Magic of Metallurgy
The drawing of a sword from a stone is a metaphor for the science of metallurgy, itself a drawing-out of iron from ore or stone. (The metallurgical cult aspect or image of the Sword in the Stone is made even more plain in several versions of Arthur’s tale where the sword is actually in an anvil sitting on a stone.) In earlier times the secrets of metallurgy were the equivalent of today’s atomic secrets. A nation that acquired the secret of smelting iron and forging metal was able to obliterate its less technologically advanced neighbour. And as the science of metallurgy advanced throughout the Iron Age, a new innovation (forging superior steel, or making armour or chain mail) would result in a chain reaction of revolutions, mass migrations, murderous conquests and collapsing empires.
The secrets of metallurgy were controlled by alchemists and smiths. Protective of their craft, these men often lived in closed societies with little contact with the rest of the culture and they were frequently hidden deep in mountain or forest refuges where enemies could not find them. Surrounded by mystery and isolated from the rest of the population, an aura grew around these metallurgical specialists and they were perceived by to have a special kind of power over even the mightiest nobles of the kingdom. Consequently, these outcast alchemists and smiths acquired an ambivalent reputation. They were both feared and respected by the general population and over time they were also mythologized, emerging as the supernatural wizards and dwarfs of Norse, German and Celtic myths and legends.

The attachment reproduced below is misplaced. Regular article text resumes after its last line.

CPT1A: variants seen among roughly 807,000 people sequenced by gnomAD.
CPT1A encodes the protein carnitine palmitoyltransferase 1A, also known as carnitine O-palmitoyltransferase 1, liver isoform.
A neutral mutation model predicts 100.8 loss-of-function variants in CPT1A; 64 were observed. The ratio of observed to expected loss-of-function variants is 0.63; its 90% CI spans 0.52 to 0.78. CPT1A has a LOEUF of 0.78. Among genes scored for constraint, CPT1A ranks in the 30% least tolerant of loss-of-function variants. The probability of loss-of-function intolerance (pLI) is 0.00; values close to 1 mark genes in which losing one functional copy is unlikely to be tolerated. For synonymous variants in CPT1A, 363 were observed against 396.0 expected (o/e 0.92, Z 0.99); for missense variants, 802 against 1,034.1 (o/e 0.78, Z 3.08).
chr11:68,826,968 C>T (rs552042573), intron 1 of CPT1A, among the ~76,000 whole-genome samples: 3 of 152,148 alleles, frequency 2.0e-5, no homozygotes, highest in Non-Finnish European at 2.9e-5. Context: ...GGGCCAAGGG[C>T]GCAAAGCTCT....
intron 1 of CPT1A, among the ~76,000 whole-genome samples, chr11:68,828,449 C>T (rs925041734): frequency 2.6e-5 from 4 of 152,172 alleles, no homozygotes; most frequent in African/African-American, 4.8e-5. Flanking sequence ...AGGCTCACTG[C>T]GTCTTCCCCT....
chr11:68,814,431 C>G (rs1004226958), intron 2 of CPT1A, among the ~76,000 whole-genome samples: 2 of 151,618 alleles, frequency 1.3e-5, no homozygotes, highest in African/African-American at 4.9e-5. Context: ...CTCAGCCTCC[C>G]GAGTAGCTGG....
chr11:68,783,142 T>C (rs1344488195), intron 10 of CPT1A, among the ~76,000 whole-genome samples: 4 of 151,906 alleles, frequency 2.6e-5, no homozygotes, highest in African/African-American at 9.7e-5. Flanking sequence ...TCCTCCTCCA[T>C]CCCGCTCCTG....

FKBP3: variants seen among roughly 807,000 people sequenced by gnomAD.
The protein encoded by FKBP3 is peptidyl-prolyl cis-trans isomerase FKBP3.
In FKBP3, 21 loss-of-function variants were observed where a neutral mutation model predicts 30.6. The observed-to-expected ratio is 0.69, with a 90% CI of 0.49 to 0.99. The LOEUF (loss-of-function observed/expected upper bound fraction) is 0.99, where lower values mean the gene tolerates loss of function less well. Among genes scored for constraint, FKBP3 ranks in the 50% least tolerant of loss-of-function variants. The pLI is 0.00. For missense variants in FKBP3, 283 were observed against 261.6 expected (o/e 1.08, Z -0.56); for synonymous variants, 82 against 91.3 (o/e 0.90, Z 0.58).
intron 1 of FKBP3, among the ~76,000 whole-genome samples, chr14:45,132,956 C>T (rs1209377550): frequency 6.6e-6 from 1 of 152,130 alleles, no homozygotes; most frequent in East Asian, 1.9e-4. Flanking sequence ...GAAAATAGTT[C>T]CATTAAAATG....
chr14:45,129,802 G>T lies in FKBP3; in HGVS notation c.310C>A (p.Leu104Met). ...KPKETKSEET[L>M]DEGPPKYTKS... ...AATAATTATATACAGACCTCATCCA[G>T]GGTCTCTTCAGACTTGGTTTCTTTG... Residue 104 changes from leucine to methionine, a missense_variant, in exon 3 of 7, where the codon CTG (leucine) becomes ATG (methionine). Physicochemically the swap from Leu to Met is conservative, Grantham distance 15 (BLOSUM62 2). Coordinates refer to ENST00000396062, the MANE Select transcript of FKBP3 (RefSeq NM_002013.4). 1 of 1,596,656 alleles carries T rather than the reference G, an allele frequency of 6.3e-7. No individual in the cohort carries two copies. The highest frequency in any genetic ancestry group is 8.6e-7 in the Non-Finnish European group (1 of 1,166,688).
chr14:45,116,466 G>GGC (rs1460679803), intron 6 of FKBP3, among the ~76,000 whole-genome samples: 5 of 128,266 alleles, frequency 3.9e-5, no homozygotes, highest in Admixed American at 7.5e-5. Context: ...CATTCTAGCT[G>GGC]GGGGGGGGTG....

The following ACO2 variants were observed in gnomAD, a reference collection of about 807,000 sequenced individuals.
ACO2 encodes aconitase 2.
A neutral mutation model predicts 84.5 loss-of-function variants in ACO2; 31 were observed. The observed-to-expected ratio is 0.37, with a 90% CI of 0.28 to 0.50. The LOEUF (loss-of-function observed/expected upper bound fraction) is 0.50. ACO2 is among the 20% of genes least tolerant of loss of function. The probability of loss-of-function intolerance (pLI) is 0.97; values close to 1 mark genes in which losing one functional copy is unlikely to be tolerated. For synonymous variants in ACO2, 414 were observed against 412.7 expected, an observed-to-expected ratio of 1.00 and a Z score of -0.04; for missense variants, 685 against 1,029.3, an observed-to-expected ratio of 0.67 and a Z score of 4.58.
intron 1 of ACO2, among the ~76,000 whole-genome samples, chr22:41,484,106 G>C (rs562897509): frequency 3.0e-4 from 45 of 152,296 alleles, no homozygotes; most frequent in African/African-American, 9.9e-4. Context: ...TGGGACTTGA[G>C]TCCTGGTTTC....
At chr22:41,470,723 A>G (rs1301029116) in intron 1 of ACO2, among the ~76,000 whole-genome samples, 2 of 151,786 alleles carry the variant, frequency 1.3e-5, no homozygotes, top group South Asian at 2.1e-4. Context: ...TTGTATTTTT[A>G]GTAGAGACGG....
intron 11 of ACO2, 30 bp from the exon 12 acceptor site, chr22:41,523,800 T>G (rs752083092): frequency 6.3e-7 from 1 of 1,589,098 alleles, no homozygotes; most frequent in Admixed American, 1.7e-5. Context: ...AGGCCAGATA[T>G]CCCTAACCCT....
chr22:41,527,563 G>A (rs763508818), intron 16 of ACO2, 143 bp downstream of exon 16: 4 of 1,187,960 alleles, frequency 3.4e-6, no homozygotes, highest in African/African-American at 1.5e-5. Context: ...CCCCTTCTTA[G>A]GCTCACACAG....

— David Day, The Search For King Arthur, p. 32